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Listening for a Life: A Dialogic Ethnography of Bessie Eldreth Through Her Songs and Storiesby Patricia Sawin
Synopses & Reviews
In one sense a folklorist's portrayal of a notable folk artist's life and art, Listening for a Life is equally a rethinking of the processes involved in such work, not only in how the folklorist conveys her subject but in how her subject constitutes and performs herself into being through dialogue with others: those present, those once present, those imagined and anticipated.
Drawing on Bahktinian and feminist theory, Sawin pushes forward our understanding of the interactive roles of ethnographer and subject and in the process gives us a deeper understanding of folk singer and storyteller Bessie Eldreth and her greatest art, herself.
Book News Annotation:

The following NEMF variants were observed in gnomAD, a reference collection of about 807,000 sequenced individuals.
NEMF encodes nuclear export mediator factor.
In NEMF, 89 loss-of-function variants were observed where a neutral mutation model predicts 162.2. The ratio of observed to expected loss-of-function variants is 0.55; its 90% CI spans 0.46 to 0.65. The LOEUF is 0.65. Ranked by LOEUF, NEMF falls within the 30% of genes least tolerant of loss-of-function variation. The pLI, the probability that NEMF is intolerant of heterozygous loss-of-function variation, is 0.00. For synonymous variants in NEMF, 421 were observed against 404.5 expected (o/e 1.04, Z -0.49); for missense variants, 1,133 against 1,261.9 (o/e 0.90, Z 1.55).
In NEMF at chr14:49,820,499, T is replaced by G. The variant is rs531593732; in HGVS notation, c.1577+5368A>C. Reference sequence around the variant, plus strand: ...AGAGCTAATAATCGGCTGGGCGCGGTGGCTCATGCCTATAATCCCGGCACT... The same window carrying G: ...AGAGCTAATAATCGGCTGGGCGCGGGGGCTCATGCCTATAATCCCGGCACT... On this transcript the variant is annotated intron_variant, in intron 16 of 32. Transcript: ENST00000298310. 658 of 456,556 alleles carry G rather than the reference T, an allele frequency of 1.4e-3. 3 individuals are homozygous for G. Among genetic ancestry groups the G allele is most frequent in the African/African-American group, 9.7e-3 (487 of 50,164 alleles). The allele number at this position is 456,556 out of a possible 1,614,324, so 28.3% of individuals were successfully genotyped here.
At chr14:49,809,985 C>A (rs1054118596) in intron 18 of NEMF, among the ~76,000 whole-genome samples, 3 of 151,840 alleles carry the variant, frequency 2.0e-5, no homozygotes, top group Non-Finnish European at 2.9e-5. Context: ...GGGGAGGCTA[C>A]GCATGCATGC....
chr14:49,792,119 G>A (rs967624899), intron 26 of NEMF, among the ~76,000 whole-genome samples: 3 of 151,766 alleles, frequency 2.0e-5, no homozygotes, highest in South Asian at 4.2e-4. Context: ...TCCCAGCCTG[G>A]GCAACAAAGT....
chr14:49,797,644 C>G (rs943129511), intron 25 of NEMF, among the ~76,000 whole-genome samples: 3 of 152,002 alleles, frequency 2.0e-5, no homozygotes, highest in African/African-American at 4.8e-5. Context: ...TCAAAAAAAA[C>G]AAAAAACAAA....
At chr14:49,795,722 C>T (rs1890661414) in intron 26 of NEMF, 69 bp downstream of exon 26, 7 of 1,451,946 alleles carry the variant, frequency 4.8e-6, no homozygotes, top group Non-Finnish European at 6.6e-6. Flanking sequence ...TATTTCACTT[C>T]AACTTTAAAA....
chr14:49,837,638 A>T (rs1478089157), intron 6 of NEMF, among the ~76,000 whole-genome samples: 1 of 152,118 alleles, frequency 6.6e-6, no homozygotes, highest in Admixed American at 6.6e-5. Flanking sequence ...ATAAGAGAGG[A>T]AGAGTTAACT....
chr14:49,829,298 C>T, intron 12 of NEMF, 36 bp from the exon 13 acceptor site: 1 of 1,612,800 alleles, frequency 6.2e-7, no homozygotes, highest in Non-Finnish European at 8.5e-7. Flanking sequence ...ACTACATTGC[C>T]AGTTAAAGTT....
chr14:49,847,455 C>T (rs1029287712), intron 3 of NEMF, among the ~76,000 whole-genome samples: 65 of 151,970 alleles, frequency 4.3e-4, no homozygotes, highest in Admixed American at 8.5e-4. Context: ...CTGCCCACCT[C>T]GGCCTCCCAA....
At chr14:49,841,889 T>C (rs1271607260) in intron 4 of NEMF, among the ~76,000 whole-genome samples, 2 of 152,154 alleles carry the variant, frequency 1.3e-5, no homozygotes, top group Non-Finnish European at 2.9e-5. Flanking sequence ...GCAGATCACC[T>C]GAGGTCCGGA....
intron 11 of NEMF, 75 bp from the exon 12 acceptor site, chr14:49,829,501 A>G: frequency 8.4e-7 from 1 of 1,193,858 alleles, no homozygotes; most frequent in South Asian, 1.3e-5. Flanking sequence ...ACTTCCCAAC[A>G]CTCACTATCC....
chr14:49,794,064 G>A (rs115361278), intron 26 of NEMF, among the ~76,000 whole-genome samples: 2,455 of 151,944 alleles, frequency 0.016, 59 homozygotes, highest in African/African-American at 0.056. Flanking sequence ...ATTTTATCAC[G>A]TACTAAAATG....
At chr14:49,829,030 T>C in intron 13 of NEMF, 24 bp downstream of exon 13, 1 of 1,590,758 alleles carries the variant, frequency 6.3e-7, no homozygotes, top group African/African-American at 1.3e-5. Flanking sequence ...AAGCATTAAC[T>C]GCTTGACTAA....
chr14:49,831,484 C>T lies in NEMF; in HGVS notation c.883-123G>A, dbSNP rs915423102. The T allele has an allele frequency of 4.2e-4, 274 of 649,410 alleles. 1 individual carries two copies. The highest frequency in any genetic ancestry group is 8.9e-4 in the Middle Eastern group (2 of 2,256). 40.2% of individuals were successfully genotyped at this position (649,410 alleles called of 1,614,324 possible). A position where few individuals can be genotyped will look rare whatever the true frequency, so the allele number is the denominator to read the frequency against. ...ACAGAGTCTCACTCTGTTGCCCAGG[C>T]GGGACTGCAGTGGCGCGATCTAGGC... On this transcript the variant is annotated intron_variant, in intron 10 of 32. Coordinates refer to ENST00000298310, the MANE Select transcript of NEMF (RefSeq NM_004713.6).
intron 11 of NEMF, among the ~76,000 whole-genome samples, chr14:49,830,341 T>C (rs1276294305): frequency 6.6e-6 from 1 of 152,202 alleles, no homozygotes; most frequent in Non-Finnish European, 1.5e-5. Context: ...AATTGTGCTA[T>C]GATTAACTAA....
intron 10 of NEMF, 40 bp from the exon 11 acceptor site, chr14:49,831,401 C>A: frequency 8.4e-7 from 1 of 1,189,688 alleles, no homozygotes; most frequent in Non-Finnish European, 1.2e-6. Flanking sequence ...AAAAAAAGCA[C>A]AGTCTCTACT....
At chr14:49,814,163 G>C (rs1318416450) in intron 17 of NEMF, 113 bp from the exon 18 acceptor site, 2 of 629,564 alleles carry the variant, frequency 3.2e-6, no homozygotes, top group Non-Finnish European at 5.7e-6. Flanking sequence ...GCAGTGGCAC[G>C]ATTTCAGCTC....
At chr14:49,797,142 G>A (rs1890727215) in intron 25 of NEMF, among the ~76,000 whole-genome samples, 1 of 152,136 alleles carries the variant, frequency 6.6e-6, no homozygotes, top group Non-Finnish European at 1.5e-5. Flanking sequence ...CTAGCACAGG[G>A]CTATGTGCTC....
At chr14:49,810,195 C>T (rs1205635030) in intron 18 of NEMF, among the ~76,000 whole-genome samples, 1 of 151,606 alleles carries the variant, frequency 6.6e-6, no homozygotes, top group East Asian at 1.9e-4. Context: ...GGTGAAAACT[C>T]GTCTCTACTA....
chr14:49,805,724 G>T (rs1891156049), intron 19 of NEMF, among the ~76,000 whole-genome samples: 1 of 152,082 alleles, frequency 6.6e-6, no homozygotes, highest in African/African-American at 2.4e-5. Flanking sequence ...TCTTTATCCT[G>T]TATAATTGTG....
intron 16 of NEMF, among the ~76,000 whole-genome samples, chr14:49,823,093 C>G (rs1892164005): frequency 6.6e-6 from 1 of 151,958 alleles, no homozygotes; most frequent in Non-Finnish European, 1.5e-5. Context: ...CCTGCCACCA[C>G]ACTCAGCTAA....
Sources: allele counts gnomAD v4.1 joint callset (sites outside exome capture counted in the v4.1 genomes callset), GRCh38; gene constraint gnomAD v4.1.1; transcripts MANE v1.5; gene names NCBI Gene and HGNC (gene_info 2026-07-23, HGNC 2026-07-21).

Sawin (anthropology, U. of North Carolina-Chapel Hill) applies Bahktinian and feminist theory to the work of traditional North Carolina singer and storyteller Eldreth (b. 1913). Her topics include dialogism and subjectivity, complex accounts of a simple childhood, development as an empowered speaker, negotiating gender and power in ghost stories, and practical joking as a problematic vehicle for oppositional self-definition.
Annotation ©2004 Book News, Inc., Portland, OR (booknews.com)
Drawing on Bahktinian and feminist theory, Sawin advances our understanding of the interactive roles of ethnographer and subject and thereby gives us a deeper understanding of folk singer and storyteller Bessie Eldreth.
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Arts and Entertainment » Music » Genres and Styles » Folk » Biographies